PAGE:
Wherefore Art Thou, Reddit?

Net API Notes for 2023/06/13, Issue 217

Last week, rumblings of Reddit's new API pricing began making the rounds. In the time since the changes went from being a technology footnote to front-page news. As I write this, the site remains engulfed in protest, with over 7,000 subreddits representing a combined 2.7 billion subscribers, remaining private and unbrowsable.

In this edition of Net API Notes, I recap the source of initial Reddit API consternation, apply recent lessons we've had on platforms and developer ecosystem destruction, and end with what happens next. Are you currently attempting to scale a developer ecosystem, internally or externally? You will want to treat this as a case study of what can go wrong when shifting strategic priorities meets poor developer communication.

How To Burn Bridges (and Invent a Different Future) in Five Caustic Steps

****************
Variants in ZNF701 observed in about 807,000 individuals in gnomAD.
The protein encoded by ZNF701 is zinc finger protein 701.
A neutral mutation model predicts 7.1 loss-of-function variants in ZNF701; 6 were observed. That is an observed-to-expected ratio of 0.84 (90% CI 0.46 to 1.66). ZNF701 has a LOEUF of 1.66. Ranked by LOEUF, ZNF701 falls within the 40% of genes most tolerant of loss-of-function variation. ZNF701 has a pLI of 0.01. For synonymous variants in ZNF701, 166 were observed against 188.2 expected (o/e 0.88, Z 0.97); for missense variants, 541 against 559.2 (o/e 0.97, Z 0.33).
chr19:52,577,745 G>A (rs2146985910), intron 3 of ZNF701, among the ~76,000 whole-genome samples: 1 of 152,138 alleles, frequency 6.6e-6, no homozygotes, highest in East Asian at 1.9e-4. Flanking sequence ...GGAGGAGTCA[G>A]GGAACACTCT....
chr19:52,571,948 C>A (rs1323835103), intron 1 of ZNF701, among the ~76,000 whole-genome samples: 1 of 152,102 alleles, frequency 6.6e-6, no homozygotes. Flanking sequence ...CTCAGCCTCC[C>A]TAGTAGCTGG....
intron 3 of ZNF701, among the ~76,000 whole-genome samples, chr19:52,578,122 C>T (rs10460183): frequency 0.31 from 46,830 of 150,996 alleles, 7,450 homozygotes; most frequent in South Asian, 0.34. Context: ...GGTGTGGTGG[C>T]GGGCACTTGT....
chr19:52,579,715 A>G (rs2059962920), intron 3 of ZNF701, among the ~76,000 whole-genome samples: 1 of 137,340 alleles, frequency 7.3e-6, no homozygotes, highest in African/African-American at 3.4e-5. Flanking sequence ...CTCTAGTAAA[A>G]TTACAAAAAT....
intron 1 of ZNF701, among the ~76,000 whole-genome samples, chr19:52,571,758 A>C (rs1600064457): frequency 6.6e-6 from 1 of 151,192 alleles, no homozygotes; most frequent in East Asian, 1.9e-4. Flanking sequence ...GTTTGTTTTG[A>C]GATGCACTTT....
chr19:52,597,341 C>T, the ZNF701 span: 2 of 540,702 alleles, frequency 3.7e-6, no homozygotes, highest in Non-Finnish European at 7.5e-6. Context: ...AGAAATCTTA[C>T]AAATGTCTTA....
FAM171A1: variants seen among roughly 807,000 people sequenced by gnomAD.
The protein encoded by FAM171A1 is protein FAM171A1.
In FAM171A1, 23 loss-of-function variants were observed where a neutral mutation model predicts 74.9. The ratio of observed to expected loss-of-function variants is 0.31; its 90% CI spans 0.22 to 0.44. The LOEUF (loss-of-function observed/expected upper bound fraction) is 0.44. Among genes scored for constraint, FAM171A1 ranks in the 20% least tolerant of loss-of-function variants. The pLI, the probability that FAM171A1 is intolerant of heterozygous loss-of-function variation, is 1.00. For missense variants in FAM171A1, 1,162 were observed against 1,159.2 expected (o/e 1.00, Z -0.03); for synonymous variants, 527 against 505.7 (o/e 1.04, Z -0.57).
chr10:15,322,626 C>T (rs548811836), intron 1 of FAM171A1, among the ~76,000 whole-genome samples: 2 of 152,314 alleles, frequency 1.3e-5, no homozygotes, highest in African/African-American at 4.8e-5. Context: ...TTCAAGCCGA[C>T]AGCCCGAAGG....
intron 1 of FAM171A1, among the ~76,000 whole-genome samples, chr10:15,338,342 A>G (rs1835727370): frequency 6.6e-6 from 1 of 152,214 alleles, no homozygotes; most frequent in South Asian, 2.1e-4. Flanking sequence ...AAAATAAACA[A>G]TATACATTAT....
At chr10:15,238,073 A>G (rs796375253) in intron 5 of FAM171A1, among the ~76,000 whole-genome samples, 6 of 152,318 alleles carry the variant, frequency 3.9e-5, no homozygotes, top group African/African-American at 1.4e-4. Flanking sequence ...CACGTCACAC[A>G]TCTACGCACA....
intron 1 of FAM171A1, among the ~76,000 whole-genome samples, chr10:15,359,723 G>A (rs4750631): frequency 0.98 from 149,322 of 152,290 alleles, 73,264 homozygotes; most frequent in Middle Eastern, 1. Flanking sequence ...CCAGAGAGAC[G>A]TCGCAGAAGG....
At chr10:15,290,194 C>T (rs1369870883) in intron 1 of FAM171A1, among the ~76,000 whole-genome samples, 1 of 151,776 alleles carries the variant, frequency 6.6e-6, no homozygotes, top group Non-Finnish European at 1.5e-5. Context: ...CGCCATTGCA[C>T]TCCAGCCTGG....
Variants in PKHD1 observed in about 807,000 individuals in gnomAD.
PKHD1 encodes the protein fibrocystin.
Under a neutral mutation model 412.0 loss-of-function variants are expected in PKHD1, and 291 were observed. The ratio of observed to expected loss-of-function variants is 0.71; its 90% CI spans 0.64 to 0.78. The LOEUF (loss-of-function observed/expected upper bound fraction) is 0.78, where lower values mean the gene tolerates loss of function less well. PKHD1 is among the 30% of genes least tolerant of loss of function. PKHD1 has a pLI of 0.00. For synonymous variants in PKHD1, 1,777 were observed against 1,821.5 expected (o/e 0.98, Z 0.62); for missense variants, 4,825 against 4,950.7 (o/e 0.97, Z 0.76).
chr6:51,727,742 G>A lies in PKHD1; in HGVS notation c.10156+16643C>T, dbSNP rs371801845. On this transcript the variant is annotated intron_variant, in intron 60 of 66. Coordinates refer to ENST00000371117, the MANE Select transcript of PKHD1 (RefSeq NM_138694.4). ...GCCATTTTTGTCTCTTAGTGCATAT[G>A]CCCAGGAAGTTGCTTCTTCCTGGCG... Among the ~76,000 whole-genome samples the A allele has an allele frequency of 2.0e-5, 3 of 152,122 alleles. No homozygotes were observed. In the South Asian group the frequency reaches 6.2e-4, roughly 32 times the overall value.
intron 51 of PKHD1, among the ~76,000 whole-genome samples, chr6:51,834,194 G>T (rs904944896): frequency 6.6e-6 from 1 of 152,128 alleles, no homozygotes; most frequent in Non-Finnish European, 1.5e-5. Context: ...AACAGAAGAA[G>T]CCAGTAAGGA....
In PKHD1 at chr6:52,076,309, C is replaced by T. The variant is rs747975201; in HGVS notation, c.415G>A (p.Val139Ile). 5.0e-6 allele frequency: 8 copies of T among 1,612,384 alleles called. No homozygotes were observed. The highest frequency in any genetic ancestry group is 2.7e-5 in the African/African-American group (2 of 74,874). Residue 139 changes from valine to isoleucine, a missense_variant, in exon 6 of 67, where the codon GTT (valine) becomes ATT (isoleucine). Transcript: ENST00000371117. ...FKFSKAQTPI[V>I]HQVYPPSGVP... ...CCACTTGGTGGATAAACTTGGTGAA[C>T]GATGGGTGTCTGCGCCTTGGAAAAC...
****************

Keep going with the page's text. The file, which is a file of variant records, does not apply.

Reddit Offloaded Much of Work To Its Developer Community

Every software development team has a finite time, energy, and budget. One of the advantages of an API architecture is that it can create an ecosystem of creativity, innovation, and potential solutions that the original development team may not have been able (or willing) to pursue themselves. Done correctly, an API catalyzes a community to support a myriad of edge cases. This strategic decision leverages external talent to expand the social network's reach, impact, and sustainability.

Reddit is a platform for hosting community forums called subreddits. When the platform algorithm notices popular new posts it puts them on the landing page and in several browsable feeds, like "Hot" or "Controversial". About 57 million people visit the site every day.